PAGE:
This weeks Anglers Mail has many pictures featuring big fish from fresh and saltwater, without doubt the most stunning picture is Alistare Rawlings with a wild brown trout weighing in at 20lb 4 ounces from the depths of an Irish Lough. Alistair being a true sportsman returned the fish to give another angler a chance of catching a magnificent fish. The river Aire at Keighley was the venue chosen by Jack Maddock when he had a days fishing with his son, eight year old Kevin, who showed Dad how to catch a big fish. Young Kevin float fishing with gentles caught a super chub of 5lbs. The Keighley AC water can be fished on a 2-00 day ticket only available from local tackle dealer. NO TICKETS SOLD ON THE BANK.

Jason Cann from Monkston is pictured on page 6 with a magnificent 16lb 9 ounce barbel caught from the Great Ouse, before catching the big barbel Jason had a leather carp of 31lb1ounce. On page 46 Phil Reed of Beckenham Kent is pictured with a 22lb 8 ounce cod on a lure, but this is beaten on page 47 by Steve Mozsolics with a 31lb 4 ounce cod on an artificial shad. Page 49 there is a picture of Lloyed Cotter with a big tope weighing in at 62lb caught off the coast of Essex. There are certainly lots of interesting stories and pictures in this weeks Anglers Mail.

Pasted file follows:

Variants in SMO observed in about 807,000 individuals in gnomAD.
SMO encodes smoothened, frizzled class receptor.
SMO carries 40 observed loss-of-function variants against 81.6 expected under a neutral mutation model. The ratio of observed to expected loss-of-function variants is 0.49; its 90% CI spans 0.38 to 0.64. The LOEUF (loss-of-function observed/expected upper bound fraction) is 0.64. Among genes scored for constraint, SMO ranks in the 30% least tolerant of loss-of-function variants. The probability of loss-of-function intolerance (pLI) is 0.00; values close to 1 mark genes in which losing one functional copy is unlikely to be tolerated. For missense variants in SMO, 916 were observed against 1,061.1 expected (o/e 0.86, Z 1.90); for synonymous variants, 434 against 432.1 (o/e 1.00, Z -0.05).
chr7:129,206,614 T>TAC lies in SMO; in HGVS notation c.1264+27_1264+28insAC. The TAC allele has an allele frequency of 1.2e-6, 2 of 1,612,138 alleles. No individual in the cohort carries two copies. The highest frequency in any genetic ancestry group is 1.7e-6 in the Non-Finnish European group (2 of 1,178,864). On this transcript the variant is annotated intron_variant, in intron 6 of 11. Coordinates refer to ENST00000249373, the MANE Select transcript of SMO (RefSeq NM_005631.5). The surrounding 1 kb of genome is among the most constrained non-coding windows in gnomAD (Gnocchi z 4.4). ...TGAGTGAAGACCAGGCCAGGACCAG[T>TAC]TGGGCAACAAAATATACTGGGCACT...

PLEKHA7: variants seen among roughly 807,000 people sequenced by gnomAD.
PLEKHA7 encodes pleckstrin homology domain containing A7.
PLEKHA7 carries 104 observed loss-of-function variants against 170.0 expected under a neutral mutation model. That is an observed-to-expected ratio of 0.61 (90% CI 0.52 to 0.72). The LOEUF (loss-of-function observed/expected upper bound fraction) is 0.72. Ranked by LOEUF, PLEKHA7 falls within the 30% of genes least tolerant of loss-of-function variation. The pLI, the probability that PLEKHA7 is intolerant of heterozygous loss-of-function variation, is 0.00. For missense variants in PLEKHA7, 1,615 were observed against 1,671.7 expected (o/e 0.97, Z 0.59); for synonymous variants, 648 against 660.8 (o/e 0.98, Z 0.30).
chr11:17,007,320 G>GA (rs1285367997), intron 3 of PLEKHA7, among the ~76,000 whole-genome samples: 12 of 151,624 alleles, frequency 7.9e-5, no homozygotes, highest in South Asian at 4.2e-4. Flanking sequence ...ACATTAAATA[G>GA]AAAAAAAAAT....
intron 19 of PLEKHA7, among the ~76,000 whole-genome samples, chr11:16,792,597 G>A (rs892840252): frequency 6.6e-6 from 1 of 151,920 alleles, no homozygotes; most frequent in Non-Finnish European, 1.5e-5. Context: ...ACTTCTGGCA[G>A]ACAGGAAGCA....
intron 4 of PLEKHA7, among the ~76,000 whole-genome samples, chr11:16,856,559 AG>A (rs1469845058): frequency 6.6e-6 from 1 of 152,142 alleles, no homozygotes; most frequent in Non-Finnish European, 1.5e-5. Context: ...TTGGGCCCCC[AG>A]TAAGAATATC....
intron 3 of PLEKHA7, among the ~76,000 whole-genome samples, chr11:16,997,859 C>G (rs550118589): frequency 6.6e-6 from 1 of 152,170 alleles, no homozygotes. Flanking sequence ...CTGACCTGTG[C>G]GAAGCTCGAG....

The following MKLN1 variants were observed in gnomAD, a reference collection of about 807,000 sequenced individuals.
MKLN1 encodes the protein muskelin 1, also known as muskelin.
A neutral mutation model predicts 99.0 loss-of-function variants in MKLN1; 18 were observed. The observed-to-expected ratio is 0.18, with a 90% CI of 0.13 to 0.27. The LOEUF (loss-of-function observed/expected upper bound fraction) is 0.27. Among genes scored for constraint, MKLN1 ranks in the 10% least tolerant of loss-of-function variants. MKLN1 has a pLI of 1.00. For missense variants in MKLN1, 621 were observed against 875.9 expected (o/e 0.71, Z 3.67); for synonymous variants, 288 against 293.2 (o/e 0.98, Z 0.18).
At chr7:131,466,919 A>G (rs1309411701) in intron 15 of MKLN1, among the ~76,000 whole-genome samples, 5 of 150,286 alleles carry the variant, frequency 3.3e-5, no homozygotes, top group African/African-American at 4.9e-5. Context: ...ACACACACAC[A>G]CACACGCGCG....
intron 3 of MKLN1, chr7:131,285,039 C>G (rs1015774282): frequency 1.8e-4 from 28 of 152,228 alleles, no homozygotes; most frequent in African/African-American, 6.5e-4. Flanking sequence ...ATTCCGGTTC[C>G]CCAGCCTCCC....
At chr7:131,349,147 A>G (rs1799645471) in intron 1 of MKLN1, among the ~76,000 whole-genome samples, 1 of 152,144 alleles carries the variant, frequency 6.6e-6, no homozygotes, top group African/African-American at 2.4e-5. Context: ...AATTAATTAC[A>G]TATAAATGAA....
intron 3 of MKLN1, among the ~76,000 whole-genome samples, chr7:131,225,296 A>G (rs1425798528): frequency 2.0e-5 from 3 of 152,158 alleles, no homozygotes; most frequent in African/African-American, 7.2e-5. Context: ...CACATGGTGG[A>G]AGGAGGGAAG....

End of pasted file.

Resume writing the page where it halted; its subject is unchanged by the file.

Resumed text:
Try Fishing The Ocean For Bass, Mackerel and Mullet

At this time of the year fishing in saltwater can offer some exciting sport, three fish to target are bass, mackerel and mackerel. If you're fishing for the first two species, why not try fishing with fly gear or lures. If you plan to target the bass with a fly rod and you're new to this branch of the sport you will need to use a nine or ten weight rod. My advice would be to use a slow sinking line, if the fish are up on the surface, you can still catch on a slow sink line by starting the retrieve a bit sooner. Two excellent fly patterns to try are Deceivers and Clouser Minnows.

Mackerel are one of the fastest fish in the ocean, they are excellent sport on both a spinning or fly rod outfit, Please don't target the fish with a broom handle rod and six feathers, treat them as a worthy quarry and only retain enough for a meal. The fish can be caught on a small Mepp's spoon or something similar. Fly fishing with a bright coloured fly will ensure you get plenty of hook-ups. If you're a reservoir trout fisherman, then your fly fishing outfit will probably be OK for mackerel fishing but make sure you give it thorough wash in warm soapy water on your return home.

Without doubt one of the nicest fish to catch in the ocean during the warm summer weather are mullet. If you're a freshwater trout or coarse fisher then you will have some tackle that will be suitable. Mullet can be taken on a fly fishing outfit using imitation bread flake and chumming with finely mashed read or finely ground cooked rice. Float fishing with bread flake is a nice way of tempting this super hard fighting fish. As in fly fishing chum the fish up-tide with mashed bread or finely ground cooked rice. I like to use a centre pin reel and 6lb line with an Avon rod and hook sizes 10's and 12'. Trotting the tide with bread flake is my first choice bait but gentles and bits of rag worm are also good baits. Most harbours creeks and river estuary usually have mullet in residence. If you're at the coast on holiday with the family, why not target this lovely fish for an afternoon while the family are playing in the sea or sunbathing.